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Wajdi Cherif

Pianist, composer and band leader

About Me

A native of Tunisia, Wajdi Cherif grew up playing by ear Arabic and pop music he heard on the local radio starting at age 5. His interest in jazz began late in his 20's when he discovered pianists Chick Corea, Bill Evans and Thelonious Monk by watching their live performance videos at the American cultural center in Tunis while he was studying English language and Literature at college. This marked a turning point in his musical career as he decided to explore jazz piano and composition even further. Wajdi Cherif made his debut as a professional jazz pianist in 1998 when he played with Tunisian jazz musician Fawzi Chekili in many venues and festivals in Tunisia. This was a significant opportunity for Wajdi Cherif to meet and play with international jazz artists on tour in the country back then.
 Few months later, Wajdi Cherif played the premiere of a jazz legend, Archie Shepp during the "Jazz in Tunis" festival. Determined to explore the world of jazz piano even further, he traveled to France to meet pianist Bernard Maury at the Bill Evans Piano Academy in Paris where he studied Jazz piano and harmony for few years there. During those years, his meetings with great jazz pianists such as Kenny Werner, Chick Corea Ahmad Jamal, and Martial Solal shaped significantly both his vision of music and of playing piano and Jazz in general. Wajdi Cherif recorded his first album "Phrygian Istikhbar" in Paris in 2003 accompanied by Diego Imbert on acoustic bass, Jeff Boudreau on drums and Habib Samandi on Arabic percussion. "Phrygian Istkhbar" was finalist in the Indie Acoustic Awards in the USA in 2004 and got positive reviews. Three years later, he recorded his second album entitled "Jasmine" with some of the finest young French jazz musicians, released in 2006 in France. "Jasmine" shows the maturity and excellent artistic standard that pianist and composer Wajdi Cherif has accomplished so far (Honorable mention in the International Songwriting Competition (Judges included Sonny Rollins, John Scofield, Steve Vai), Indie Acoustic Project winner Best CD of 2005, UNISONG songwriting Contest 1st place winner, etc.). Wajdi Cherif was selected in 2006 to enter the prestigious Martial Solal International Jazz Piano competition in Paris. Wajdi Cherif continued to build with his music a solid bridge between two worlds, jazz and Arabic music. He released in 2008 his 3rd album, entitled “Fuzzy Colors”, an exploration of jazz fusion through personal compositions that integrates all his musical influences. His distinctive performances as a leader in many renowned venues in Tunisia, France and Canada received critic's acclaim. Highlights include the Tabarka Jazz Festival (Tunisia), The “Institut Du Monde Arabe (Paris), The Jazz Festival of Reims (France), Theatre des Champs Elysées (Paris), the Tanjazz Festival (Morocco), Jazz In Carthage (Tunisia), Théatre Maison Neuve (Canada). Wajdi Cherif has been active on the Paris jazz scene and played in many jazz clubs such as The “Duc des Lombards”, the “Sunset/Sunside” and the “Baiser Salé”, to name a few. SELECTED PRESS QUOTES: This CD was Described as "An interesting innovation on the musical and artistic scene in our region" in the Tunisian newspaper TUNIS HEBDO. It features a unique and contemporary blend of jazz, Arabic, and Tunisian rhythms and sounds by one of the finest pianists on the Tunisian musical stage... REVIEWS ABOUT THE CD: "Tunisian pianist Wajdi Cherif with his CD EP Phrygian Istikhbar, while retaining the flavour of his native country's music, places more emphasis on the jazz tradition, resulting in a fresh new sound that brings a different slant to the concept of world music". John Kelman (www.jazzreview.com) "On the short programme of Phrygian Istikhbar, Cherif covers a lot of territory. From the romantic solo piece "Tunis by Night" to the bendir-driven title track to the Bill Evans-informed, lightly-swinging "Waiting for Paris", Cherif shows himself to be a diverse and interesting composer and performer". John Kelman (www.ejazznews.com) "I like fusions and mixing genres and have to say it didn't disappoint. Cherif is a young pianist and composer who has a clear vision of how he can merge the melodies and rhythms of Tunisia with the verve of a jazz quartet". Paul Donnelly (www.jazzreview.com) "Each composition is opened with a typical Tunisian musical style or sound but moves gradually to harmonies charged with the imagination and the [musical] sensitivity of [pianist] Wajdi Cherif." TUNIS HEBDO June 2003.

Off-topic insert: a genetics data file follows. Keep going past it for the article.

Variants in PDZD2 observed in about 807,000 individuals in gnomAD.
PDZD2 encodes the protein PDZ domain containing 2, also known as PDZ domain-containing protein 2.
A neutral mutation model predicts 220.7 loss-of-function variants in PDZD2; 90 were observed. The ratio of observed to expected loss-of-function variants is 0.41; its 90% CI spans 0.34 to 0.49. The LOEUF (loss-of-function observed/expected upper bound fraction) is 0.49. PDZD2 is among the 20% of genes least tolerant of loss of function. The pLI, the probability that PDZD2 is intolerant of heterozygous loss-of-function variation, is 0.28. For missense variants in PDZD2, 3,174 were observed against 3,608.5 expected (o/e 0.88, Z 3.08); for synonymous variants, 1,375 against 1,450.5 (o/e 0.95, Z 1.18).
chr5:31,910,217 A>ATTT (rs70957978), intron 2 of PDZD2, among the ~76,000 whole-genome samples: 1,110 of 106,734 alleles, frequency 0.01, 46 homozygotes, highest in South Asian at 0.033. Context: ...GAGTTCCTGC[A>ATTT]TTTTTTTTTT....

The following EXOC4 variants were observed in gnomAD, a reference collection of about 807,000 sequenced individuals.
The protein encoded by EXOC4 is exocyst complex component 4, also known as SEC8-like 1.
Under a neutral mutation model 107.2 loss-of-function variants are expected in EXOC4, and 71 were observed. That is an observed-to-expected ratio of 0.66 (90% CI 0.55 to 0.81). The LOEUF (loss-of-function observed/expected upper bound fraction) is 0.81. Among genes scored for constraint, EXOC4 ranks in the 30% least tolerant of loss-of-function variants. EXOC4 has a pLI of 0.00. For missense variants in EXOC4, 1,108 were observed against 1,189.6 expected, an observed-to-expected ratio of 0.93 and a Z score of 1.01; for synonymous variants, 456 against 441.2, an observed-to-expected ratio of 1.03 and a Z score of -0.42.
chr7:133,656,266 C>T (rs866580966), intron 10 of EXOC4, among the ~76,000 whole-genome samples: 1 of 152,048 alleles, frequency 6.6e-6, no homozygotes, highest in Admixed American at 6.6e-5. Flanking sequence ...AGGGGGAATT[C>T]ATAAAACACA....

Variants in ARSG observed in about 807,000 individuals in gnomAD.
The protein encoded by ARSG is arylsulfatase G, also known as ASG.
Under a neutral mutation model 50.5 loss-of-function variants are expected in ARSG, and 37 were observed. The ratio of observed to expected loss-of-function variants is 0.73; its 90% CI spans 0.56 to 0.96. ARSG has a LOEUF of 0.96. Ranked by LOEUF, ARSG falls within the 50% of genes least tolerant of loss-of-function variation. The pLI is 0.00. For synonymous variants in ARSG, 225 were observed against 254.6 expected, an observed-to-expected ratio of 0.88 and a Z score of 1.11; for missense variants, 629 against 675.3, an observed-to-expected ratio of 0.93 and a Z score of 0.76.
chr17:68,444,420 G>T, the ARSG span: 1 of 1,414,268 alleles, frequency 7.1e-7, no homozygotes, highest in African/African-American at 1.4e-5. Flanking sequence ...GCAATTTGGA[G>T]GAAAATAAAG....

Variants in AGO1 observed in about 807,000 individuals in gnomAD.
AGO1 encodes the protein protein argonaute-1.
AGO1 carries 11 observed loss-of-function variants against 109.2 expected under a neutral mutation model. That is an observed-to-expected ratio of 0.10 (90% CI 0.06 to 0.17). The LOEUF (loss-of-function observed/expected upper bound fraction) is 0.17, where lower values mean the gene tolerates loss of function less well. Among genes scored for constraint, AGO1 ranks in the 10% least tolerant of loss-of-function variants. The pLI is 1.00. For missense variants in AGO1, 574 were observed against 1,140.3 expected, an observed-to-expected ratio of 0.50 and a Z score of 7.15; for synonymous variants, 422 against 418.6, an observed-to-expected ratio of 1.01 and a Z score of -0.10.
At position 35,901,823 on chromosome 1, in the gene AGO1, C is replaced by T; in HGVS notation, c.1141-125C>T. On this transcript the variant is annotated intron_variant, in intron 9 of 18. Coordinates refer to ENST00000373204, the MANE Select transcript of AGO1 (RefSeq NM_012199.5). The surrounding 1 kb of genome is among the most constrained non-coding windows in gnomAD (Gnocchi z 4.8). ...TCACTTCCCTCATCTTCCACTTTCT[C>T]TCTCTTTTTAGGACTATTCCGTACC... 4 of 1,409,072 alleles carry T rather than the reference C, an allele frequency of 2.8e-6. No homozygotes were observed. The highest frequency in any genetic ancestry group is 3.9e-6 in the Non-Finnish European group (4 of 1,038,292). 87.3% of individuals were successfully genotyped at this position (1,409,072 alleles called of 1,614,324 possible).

My Jazz Story

Published on: 2018-11-12

There is a freedom and a sense of exhilaration in Jazz that is not found in any other music. Jazz is about finding freedom and a personal voice within a structure, and that is what appeals to me most. I had a late start in jazz. I was first exposed to jazz without any formal training by watching videos of Bill Evans, Chick Corea and Thelonious Monk in my 20's. Later, I met Ahmad Jamal, Kenny Werner, Chick Corea, Martial Solal, Bernard Maury, Fred Hersh, Barry Harris, among many other musicians over the years. The first jazz record I bought was Keith Jarrett, "The Melody at Night, with You" and it is still one of the solo piano masterpiece in my view. My advice to new listeners... Just enjoy it!

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